Seasons are dramatic in length and levels of activity: during the short summer, plants and animals must progress rapidly through growth and reproduction cycles before the onset of winter cold. Most activity ceases with the-20°F to-50°F temperatures that persist from November to March. In the pink, low light of the arctic winter, blue-gray shadows of opposing slopes delineate the endless white mountains. The dry climate of the interior produces little snow, but what falls endures and covers the land and rivers wrapped in ice and silence. As the low-riding sun begins its warming ascent into April's spring sky, dog sled enthusiasts occasionally may be seen in the park. Other visitors begin arriving in mid-June, although many rivers are of yet entirely free of ice. Backpacking and river trips are the predominant activities.
The park, created to ensure the integrity of the arctic environment, contains major portions of the range and habitat of the western arctic caribou herd. Grizzly and black bear, wolf, moose, Dall sheep, wolverine, and fox are also found in the park. At spring breakup, the few resident bird species are joined by migratory species from Europe, South America, Asia, tropical archipelagos, and the continental United States. Despite the variety, wildlife is widely dispersed because large areas are required to sustain life in the Arctic. Wildlife sightings may be greatly affected by the size of your party, your patterns of travel, and the weather.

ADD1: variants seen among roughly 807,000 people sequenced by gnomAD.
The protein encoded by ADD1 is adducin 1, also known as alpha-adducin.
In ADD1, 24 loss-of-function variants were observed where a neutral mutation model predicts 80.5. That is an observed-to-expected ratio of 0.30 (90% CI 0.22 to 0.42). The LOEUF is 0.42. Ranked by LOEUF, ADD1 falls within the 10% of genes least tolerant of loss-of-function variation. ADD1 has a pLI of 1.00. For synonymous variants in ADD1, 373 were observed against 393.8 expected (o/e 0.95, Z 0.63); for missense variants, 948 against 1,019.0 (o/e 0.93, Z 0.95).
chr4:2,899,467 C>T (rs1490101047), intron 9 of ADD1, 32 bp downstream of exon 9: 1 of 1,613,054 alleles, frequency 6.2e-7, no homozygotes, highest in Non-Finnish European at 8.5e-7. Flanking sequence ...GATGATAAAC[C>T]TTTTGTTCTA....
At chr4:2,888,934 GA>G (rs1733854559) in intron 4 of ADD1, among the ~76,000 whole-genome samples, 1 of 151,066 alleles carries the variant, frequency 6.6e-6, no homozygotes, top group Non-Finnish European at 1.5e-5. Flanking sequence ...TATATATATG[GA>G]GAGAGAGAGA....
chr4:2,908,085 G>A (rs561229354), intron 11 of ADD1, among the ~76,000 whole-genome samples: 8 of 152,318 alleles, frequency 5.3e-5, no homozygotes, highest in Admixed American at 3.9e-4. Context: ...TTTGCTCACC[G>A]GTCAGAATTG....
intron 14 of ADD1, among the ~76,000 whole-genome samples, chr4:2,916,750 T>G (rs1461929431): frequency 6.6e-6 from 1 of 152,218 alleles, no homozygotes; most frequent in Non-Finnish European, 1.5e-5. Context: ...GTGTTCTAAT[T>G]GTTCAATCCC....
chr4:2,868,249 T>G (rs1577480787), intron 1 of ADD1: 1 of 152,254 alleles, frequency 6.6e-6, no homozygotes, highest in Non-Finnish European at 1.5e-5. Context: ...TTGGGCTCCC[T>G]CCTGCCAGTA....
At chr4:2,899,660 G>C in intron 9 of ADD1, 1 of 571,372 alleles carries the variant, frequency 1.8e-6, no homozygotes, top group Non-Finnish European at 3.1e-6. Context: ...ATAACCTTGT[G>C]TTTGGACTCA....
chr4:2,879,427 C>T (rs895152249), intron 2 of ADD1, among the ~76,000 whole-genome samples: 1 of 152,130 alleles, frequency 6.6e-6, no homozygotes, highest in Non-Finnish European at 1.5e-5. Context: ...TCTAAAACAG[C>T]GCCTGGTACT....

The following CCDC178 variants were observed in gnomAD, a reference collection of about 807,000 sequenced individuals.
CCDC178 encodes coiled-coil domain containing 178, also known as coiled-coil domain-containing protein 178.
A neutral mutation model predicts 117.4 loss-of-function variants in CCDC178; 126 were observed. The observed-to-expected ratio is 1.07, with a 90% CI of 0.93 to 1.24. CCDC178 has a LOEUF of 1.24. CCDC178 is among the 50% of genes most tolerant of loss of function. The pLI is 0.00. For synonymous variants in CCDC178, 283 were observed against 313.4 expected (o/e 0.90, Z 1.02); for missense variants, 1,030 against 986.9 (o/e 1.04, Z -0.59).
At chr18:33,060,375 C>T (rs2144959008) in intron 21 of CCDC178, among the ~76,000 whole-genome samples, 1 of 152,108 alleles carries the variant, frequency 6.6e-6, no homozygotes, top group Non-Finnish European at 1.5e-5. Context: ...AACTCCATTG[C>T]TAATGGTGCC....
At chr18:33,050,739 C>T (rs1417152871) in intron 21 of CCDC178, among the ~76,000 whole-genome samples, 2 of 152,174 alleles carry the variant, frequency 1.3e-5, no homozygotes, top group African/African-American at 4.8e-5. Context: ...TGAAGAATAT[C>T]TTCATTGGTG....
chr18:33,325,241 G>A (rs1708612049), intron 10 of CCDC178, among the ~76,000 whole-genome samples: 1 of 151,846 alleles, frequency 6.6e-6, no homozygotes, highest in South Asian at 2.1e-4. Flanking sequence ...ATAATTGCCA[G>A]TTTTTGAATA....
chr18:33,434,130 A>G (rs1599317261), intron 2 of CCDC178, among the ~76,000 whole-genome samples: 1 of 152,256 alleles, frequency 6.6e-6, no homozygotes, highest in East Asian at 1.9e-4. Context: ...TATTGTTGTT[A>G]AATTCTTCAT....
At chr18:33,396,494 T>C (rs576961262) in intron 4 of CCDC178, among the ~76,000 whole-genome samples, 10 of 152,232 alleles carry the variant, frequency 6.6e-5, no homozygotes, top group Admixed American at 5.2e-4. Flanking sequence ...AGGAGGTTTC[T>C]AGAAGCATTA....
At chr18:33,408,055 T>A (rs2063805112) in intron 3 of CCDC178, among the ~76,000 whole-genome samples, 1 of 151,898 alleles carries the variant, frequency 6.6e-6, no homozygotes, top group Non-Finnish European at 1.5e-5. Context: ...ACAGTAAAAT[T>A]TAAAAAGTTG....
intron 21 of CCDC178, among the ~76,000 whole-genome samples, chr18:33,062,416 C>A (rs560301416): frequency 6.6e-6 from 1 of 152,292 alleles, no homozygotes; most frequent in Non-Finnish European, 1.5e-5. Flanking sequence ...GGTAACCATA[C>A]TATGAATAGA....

Sparse black-spruce forests called taiga-from the Russian for "land of little sticks"-dot north-facing slopes and poorly drained lowlands. Boreal forests of white spruce, aspen, and birch are typically found on south-facing slopes. Near tree line, the shrub-thicket community of dwarf and resin birch, alder, and willow appears. Heath, moss, and fragile lichen make up the understory. Alpine tundra communities occur in mountainous areas and along well-drained rocky ridges. Alder thickets and tussocks often impede hiking in the Arctic. Backpackers will find both types of vegetation in valleys and on slopes; it is not unusual for backpackers to progress only 5 miles per day. Take your time: do not try to squeeze a 21-day arctic trip into a 14-day "Lower 48" trip.